“Sure, go ahead.” I said.
“I’ve lost a lot of friends through the years,” he said. “Some of them good, most of them bad. I wanna know where they went. You know, like reincarnation.”
“You believe in reincarnation?” I was taken aback.
“Yes,” he said. “As a matter of fact I do,”
“OK,” I said. “Well, it all starts by understanding we’re not these bodies. We’re the soul in the body, like a passenger in a car. When the body dies, the soul moves on. Depending on our actions during our life and our desires at the moment of death, we take birth in another body within another family.”
“What about the bad souls?” he asked.
“Well, they take birth in unfortunate circumstances,” I said.
“What kind of unfortunate circumstances?” he said.
“Like in impoverished conditions,” I said. “Or with little or no chance for education. Or they may be subject to disease or traumatic situations throughout life.”
He sat silently as if mulling this over.
“It’s called karma,” I said. “Reaction to our actions. But such reactions can be dissipated by chanting God’s name.”
“You can remove reactions though God’s name? What is His name?”
“One of God’s names is Krishna,” I answered.
“That’s what you people sing outside the subway,” he said. “But why do you all sit on the ground?”
“Excuse me?” I said.
“Why do you sit on the ground? The ground is so dirty. It forces everyone to look down on you. If you gotta a message you gotta look people straight in the eye. Tell whoever’s in charge that I said that.”
“Sure,” I said.
“Excuse me for a minute,” he said. “I gotta go to the men’s room.”
In his absence, the young men drifted back towards me.
“Frankie here wants to know if you got any proof you were in the military,” said one of the boys. “We just wanna be sure you’re not spoofing the boss.”
“Why would I do that?” I said.
“Just show us some proof.”
“Like what can I show you?” I said.
“A card,” he said.
“A card?” I had to smile, although the young man looked serious. “It was 48 years ago!”
“This isn’t a joke,” he said.
Then I remembered something.
“Hold on,” I said. I opened my computer and searched through my email until I found what I was looking for.
“Look at this. It’s a message from the Marine Corps for my birthday. They get in touch every year on May 20th without fail.”
I read aloud:
“’Hello Swami. We at Marine Corps, USMC Community, would like to wish you a very happy birthday today! Semper Fie!’”
Indradyumna Swami in the US Military
Frankie looked impressed. “What does Semper Fie mean?” he asked.
“It means ‘Faithful to God, country, family and your fighting unit’,” I said.
“Hang on, but you weren’t a monk then. So why do they address you as ‘Swami’?”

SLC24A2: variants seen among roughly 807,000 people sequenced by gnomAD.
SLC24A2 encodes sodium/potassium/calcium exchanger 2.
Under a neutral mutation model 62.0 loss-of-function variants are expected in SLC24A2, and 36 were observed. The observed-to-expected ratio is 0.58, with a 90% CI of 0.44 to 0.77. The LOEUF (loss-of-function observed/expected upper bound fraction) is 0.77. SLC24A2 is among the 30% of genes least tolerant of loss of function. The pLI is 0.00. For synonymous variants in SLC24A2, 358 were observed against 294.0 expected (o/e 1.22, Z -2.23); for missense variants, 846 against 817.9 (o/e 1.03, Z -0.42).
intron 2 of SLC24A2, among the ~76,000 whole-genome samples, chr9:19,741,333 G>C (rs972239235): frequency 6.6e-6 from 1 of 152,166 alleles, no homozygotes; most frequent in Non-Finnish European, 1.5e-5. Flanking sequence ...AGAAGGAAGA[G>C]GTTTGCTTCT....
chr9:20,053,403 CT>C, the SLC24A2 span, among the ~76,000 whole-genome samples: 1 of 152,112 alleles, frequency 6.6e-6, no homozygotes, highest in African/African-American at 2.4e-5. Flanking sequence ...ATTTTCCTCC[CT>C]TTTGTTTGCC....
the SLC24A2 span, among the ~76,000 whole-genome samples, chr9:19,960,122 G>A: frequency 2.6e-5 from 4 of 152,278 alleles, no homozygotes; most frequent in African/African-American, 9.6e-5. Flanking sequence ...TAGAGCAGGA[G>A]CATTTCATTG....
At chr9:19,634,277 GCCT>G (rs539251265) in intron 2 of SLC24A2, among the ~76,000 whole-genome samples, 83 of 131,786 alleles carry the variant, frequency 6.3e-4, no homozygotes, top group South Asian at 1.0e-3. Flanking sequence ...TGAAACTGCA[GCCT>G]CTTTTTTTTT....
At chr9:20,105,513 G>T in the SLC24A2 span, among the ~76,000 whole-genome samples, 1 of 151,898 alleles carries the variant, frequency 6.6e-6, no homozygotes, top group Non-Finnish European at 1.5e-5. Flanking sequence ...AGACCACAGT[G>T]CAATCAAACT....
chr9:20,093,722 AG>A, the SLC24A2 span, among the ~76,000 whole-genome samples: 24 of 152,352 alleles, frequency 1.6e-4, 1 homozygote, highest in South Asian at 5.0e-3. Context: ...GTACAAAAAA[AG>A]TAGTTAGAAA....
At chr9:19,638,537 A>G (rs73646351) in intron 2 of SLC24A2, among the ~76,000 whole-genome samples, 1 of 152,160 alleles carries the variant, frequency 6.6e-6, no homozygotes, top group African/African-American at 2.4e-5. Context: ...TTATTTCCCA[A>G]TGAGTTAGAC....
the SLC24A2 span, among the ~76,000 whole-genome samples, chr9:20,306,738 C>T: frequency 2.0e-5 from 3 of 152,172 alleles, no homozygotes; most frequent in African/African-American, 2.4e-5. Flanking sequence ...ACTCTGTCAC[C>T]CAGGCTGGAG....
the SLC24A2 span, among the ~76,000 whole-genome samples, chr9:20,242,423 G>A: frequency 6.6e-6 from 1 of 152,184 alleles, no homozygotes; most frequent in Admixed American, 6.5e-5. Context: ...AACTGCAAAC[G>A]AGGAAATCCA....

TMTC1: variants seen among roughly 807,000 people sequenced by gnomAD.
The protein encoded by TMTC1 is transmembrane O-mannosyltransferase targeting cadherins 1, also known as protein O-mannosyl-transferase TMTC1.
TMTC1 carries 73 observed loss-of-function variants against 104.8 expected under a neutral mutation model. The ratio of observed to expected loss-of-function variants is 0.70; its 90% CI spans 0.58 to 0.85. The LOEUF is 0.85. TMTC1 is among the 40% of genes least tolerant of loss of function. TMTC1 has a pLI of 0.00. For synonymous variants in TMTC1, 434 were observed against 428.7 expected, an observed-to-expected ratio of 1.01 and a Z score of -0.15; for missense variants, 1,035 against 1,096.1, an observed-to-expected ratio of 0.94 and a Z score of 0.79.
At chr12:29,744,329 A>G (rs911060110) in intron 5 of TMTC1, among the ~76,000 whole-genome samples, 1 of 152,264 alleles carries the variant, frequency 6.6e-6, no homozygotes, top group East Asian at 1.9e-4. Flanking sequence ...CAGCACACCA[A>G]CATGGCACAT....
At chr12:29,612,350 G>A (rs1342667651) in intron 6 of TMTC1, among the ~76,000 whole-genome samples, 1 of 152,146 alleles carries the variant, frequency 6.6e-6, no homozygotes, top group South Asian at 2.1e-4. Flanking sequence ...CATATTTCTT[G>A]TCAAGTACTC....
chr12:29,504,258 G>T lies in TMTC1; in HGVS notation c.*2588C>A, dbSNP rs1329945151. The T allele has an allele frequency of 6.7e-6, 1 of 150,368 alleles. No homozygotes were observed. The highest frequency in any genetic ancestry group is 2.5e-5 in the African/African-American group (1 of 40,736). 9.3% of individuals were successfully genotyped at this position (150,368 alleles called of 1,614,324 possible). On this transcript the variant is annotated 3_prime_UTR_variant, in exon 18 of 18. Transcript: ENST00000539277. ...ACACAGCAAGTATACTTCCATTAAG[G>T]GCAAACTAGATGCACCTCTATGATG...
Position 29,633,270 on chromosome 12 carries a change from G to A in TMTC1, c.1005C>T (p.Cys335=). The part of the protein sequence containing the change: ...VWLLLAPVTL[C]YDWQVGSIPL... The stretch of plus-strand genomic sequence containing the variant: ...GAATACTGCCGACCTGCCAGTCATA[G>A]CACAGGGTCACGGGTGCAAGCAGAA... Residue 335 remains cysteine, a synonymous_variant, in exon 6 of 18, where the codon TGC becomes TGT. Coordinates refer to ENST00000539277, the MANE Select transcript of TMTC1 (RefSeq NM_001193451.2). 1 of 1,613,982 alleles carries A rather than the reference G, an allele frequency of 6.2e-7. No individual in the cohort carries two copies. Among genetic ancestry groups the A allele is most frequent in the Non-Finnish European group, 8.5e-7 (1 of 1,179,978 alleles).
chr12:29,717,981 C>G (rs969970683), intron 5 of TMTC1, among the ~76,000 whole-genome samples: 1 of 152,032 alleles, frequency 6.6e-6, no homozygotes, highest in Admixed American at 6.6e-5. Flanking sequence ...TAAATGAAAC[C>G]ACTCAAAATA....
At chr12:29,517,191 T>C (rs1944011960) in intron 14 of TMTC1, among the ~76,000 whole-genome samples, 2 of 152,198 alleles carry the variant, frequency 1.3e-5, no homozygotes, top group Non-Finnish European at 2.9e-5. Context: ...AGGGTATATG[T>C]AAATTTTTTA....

“I guess they follow my life,” I said with a smile. “It’s family. You know what I mean?”
“Yeah, I do,” he said. “I know what you mean. We say ‘Omerta’. It means that we are bound by the code of silence and secrecy. A code of honor.”
The hair on my arms stood on end and a chill ran up my spine because I knew that term. It was from the Cosa Nostra, the Sicilian Mob.
Frankie came closer and looked at the email. “It’s the real thing,” he confirmed to the others.
When the boss came back, all the young men except Frankie scuttled away again. While he hovered on the edges of our
conversation, the boss and I talked philosophy for another hour until it was time for me to leave.
“I have to catch my flight,” I said.
“OK,” he said. “Before you go I want to apologize for the way my boys spoke to you.”
“Don’t worry,” I said. “It happens sometimes.”
“Look, if you ever need help just call me.” He held out a piece of paper.
“ I mean it.” he continued. “If anyone causes you trouble, I’ll help you out.”
“We don’t really work that way,” I said.
“Take it!” said Frankie. “You don’t argue with the boss!” He shook his head in disbelief as I accepted the piece of paper.
“Memorize the number,” the boss said, “and then throw it away.”
“Sure,” I said. “It was nice meeting you.”
“The pleasure was ours,” said the boss
Walking out of the Admirals’ Club, I memorized the number and threw the piece of paper in the trash.
“Wow, that was far out,” I thought.
When I reached my gate, an announcement was made that the flight was delayed half an hour.
I was chanting softly on my beads when I noticed Frankie watching me from 30 meters away. I motioned for him to come over.
“What’s up, Frankie?”
“Boss told me to watch over you until you board your flight, Swami. He’s got your back.”
[ army ] [ day ] [ indradyumna ] [ memorial ] [ swami ] [ veteran ]
“A Vaisnava is always a well-wisher to everyone. The Six Gosvamis, for example, are described in this way: dhiradhira janapriyau. They were popular with both the gentle and the ruffians. A Vaisnava must be equal to everyone, regardless of one’s position. Atmavat: a Vaisava should be like Paramatma. Isvara sarva-bhutanam hrd-dese ‘rjuna tisthati. Paramatma does not hate anyone … As the moon never refuses to distribute its pleasing rays even to the home of a candala, a Vaisnava never refuses to act for everyone’s welfare.” [Srimad Bhagavatam 7.4.32, purport]